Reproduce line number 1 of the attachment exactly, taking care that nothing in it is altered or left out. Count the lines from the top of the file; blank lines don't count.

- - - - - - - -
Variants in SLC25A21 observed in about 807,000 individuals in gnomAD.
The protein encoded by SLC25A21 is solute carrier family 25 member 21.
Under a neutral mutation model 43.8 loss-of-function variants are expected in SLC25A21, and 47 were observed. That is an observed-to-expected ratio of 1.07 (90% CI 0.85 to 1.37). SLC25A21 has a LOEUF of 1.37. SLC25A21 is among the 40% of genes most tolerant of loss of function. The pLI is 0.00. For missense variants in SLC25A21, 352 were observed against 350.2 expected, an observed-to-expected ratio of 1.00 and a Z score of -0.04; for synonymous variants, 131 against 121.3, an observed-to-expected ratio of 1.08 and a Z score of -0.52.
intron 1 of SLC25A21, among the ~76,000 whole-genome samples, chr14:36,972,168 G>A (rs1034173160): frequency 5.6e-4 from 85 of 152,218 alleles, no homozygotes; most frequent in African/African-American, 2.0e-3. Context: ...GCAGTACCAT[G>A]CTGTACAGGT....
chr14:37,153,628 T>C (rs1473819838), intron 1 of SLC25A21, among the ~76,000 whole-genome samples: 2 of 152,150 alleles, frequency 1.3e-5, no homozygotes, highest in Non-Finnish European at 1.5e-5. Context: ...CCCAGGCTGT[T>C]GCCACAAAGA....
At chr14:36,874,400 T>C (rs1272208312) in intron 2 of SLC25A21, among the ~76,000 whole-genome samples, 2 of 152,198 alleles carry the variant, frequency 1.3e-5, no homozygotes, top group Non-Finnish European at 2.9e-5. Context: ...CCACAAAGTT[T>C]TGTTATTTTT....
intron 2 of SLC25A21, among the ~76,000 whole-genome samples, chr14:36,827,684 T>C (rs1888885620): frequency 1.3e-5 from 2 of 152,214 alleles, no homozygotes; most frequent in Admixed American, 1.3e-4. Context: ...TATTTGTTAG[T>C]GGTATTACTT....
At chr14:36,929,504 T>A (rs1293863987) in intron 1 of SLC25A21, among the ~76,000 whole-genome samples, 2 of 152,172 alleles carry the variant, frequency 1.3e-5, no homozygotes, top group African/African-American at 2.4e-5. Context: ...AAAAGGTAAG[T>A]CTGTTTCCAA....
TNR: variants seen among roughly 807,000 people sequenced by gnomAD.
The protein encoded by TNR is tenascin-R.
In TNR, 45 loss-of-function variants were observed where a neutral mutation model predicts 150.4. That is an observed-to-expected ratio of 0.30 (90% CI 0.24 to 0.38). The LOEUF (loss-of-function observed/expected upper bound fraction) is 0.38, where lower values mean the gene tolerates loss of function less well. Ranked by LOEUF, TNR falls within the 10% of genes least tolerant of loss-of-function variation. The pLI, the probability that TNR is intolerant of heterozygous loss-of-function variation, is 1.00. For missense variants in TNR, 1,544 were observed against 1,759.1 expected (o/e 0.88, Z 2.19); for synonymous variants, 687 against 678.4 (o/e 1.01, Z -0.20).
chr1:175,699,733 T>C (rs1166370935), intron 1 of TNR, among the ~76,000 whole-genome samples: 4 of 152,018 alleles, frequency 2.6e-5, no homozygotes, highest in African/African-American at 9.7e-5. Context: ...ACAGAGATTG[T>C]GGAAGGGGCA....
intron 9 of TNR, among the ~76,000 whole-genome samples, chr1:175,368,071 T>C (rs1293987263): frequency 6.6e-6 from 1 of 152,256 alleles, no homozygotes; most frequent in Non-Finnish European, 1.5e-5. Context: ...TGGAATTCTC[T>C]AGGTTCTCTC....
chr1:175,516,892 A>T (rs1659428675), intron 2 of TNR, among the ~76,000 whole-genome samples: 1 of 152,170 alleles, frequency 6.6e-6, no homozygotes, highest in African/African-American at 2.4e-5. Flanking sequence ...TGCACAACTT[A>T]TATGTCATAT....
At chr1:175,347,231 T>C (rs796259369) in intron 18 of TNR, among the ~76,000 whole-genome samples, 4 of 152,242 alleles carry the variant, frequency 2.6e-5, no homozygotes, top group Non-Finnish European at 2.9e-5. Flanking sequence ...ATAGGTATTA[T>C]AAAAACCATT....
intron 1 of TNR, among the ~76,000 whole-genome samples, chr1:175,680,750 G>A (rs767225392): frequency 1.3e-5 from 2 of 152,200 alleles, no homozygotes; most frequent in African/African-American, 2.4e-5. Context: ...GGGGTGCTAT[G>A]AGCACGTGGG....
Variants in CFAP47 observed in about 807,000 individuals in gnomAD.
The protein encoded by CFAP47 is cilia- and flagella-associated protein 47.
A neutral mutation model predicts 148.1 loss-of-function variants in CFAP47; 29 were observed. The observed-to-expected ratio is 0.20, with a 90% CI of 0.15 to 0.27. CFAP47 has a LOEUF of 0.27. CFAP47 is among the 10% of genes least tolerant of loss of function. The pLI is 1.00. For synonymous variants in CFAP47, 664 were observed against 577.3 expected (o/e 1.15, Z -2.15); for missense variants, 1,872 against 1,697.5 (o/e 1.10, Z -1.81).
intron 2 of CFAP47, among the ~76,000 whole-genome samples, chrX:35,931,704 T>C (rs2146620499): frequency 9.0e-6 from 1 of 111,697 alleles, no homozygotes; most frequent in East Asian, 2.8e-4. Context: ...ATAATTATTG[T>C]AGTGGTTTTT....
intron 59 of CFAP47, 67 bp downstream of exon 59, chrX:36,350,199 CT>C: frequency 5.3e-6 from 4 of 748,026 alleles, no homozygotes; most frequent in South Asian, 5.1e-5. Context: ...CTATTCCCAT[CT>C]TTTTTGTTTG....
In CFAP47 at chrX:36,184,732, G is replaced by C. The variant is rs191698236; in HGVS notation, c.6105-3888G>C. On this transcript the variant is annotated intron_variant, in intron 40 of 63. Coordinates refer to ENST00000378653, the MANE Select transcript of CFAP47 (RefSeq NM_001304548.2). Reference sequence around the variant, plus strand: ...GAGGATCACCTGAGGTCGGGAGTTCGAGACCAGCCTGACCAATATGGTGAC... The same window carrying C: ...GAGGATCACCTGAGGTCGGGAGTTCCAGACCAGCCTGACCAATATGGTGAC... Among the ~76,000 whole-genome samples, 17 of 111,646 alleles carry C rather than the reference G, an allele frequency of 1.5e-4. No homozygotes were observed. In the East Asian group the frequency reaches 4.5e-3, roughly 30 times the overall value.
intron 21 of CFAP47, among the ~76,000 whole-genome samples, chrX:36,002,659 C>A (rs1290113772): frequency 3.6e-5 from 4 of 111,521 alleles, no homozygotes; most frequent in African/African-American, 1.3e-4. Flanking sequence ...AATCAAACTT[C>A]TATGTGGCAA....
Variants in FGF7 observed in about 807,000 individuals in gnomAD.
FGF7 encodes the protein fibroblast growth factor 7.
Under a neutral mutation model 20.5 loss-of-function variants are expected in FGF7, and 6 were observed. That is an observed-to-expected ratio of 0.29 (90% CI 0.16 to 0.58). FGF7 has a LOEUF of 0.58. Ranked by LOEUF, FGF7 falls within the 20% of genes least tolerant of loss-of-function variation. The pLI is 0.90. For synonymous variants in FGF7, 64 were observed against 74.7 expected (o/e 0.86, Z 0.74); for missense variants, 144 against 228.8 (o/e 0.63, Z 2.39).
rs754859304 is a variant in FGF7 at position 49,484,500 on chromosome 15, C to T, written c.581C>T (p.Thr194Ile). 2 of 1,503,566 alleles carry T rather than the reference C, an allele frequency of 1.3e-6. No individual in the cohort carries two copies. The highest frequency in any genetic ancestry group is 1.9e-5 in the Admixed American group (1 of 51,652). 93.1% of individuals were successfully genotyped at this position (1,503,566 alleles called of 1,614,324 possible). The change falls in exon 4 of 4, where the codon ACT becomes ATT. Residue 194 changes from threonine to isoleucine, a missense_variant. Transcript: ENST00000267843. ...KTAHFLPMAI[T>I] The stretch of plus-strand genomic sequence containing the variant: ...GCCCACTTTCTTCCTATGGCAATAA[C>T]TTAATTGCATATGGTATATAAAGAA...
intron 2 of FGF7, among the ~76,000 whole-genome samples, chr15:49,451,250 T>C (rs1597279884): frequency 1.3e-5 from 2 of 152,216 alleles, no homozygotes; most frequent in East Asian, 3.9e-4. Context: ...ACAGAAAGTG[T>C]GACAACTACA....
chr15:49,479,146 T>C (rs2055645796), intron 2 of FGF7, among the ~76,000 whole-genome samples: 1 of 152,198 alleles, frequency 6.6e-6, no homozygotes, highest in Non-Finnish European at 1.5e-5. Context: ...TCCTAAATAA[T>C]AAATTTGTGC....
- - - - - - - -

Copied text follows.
Variants in SLC25A21 observed in about 807,000 individuals in gnomAD.